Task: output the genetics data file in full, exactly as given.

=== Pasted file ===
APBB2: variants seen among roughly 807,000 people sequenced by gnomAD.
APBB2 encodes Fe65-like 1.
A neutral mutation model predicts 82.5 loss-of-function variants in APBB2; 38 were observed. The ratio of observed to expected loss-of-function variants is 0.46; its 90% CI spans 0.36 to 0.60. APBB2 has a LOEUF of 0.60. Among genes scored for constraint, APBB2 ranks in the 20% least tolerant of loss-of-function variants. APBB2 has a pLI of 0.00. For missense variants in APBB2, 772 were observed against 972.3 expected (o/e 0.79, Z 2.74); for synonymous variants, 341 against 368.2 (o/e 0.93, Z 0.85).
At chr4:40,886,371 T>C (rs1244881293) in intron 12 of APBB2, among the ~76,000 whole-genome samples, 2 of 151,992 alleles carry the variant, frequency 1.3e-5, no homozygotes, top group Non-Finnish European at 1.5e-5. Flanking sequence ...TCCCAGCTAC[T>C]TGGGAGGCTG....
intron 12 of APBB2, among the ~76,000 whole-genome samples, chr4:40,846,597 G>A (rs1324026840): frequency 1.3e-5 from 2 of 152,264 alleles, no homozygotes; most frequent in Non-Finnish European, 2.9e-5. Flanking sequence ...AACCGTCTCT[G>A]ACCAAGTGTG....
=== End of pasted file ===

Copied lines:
APBB2: variants seen among roughly 807,000 people sequenced by gnomAD.
APBB2 encodes Fe65-like 1.
A neutral mutation model predicts 82.5 loss-of-function variants in APBB2; 38 were observed. The ratio of observed to expected loss-of-function variants is 0.46; its 90% CI spans 0.36 to 0.60. APBB2 has a LOEUF of 0.60. Among genes scored for constraint, APBB2 ranks in the 20% least tolerant of loss-of-function variants. APBB2 has a pLI of 0.00. For missense variants in APBB2, 772 were observed against 972.3 expected (o/e 0.79, Z 2.74); for synonymous variants, 341 against 368.2 (o/e 0.93, Z 0.85).
At chr4:40,886,371 T>C (rs1244881293) in intron 12 of APBB2, among the ~76,000 whole-genome samples, 2 of 151,992 alleles carry the variant, frequency 1.3e-5, no homozygotes, top group Non-Finnish European at 1.5e-5. Flanking sequence ...TCCCAGCTAC[T>C]TGGGAGGCTG....
intron 12 of APBB2, among the ~76,000 whole-genome samples, chr4:40,846,597 G>A (rs1324026840): frequency 1.3e-5 from 2 of 152,264 alleles, no homozygotes; most frequent in Non-Finnish European, 2.9e-5. Flanking sequence ...AACCGTCTCT[G>A]ACCAAGTGTG....